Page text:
Reported on RTE News 11th July 2010
525 suicides, representing 11.4 per 100,000 of the population, were registered in 2011.
The vast majority of those who took their own lives were men.
The figures are contained in the Central Statistics Office Vital Statistics for 2011, which look at the numbers of births, deaths and marriages registered in that year.
The 2011 figures saw a rise in male suicides, which accounted for 84% of all suicide deaths.
Responding to the figures, the Irish Association of Suicidology said international research shows that for every 1% increase in unemployment there is a 0.78% increase in the rate of suicide.
It said that given the impact the economic downturn had had, especially on young males, it was not surprising that men were so at risk to suicide.
However, the association said that there is always help available to anyone suffering emotional distress or feeling suicidal, including through the samaritans or their family GP.
490 suicides were registered in Ireland in 2010.
Dan Neville TD, President of the Irish Association of Suicidology, said he was “extremely concerned” by the increase in the number of deaths by suicide.
Mr Neville said the figures were not a surprise because there was anecdotal evidence of an increase. He said the true figure was closer to 600 when “undetermined” deaths were taken into account.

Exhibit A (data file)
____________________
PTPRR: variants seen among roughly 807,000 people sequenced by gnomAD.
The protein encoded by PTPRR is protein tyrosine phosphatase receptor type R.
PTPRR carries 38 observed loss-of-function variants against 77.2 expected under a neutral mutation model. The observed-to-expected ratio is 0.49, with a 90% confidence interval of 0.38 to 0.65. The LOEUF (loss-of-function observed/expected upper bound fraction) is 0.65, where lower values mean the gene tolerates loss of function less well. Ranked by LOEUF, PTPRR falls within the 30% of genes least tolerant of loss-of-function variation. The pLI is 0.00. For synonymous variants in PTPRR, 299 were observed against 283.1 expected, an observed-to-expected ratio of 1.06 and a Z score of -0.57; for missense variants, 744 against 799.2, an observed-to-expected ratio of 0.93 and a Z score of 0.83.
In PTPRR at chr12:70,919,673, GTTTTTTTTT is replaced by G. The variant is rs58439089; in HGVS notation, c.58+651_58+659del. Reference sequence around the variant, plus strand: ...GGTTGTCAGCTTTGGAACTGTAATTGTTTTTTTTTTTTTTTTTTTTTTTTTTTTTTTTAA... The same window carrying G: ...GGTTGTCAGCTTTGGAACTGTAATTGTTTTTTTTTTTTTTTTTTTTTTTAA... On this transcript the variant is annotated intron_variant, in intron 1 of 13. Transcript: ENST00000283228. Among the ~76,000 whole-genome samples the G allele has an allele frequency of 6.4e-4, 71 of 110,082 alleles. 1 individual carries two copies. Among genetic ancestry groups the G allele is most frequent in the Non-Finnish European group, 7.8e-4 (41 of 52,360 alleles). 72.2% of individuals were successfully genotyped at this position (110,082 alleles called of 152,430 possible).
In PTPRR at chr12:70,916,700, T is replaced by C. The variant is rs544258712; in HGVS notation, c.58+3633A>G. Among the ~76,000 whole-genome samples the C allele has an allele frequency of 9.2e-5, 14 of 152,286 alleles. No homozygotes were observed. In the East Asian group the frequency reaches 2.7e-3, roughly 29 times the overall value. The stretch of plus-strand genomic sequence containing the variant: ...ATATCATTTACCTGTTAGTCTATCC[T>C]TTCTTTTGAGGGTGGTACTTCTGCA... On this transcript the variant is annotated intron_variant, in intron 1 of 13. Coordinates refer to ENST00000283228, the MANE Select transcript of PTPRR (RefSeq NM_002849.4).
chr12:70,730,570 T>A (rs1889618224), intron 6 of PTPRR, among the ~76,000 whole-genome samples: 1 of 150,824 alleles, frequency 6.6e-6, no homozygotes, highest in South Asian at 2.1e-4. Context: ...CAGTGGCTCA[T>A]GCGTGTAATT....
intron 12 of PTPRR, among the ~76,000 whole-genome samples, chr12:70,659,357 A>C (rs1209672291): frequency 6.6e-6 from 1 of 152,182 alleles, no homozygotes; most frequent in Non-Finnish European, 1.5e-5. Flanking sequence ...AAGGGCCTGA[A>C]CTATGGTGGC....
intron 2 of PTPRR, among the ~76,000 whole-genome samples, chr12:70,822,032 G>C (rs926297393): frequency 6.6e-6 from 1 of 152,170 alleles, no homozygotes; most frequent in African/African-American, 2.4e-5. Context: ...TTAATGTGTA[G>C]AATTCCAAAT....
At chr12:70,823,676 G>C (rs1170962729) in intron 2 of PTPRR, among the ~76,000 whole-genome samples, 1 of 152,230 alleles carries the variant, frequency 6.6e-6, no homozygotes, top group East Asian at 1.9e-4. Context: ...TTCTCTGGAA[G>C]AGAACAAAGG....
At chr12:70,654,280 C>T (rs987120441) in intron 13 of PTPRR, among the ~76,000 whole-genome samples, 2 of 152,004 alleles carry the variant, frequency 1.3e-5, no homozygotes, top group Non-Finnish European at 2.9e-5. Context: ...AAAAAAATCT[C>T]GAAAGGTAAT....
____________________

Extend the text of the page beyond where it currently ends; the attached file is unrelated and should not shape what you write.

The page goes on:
He said the figure reflected the neglect of suicide prevention for decades, and the economic recession, which impacts on the levels of depression, anxiety and despair.
Mr Neville said that he has been assured that €35m allocated to the development of mental health services was safe from cutbacks.
He said in the past, the HSE did hive off money allocated to mental health for other services, and there must be vigilance that this doesn’t happen again.
He called for the urgent appointments of a Director of Mental Health Services, and a new director of the National Suicide Prevention Office.
“They are key positions that there should be no delay in the appointment of,” he said.
“Particularly the Director of Mental Health Services. This is a new position, promised by the government, by Dr Reilly. But it’s something we have been looking at for years.”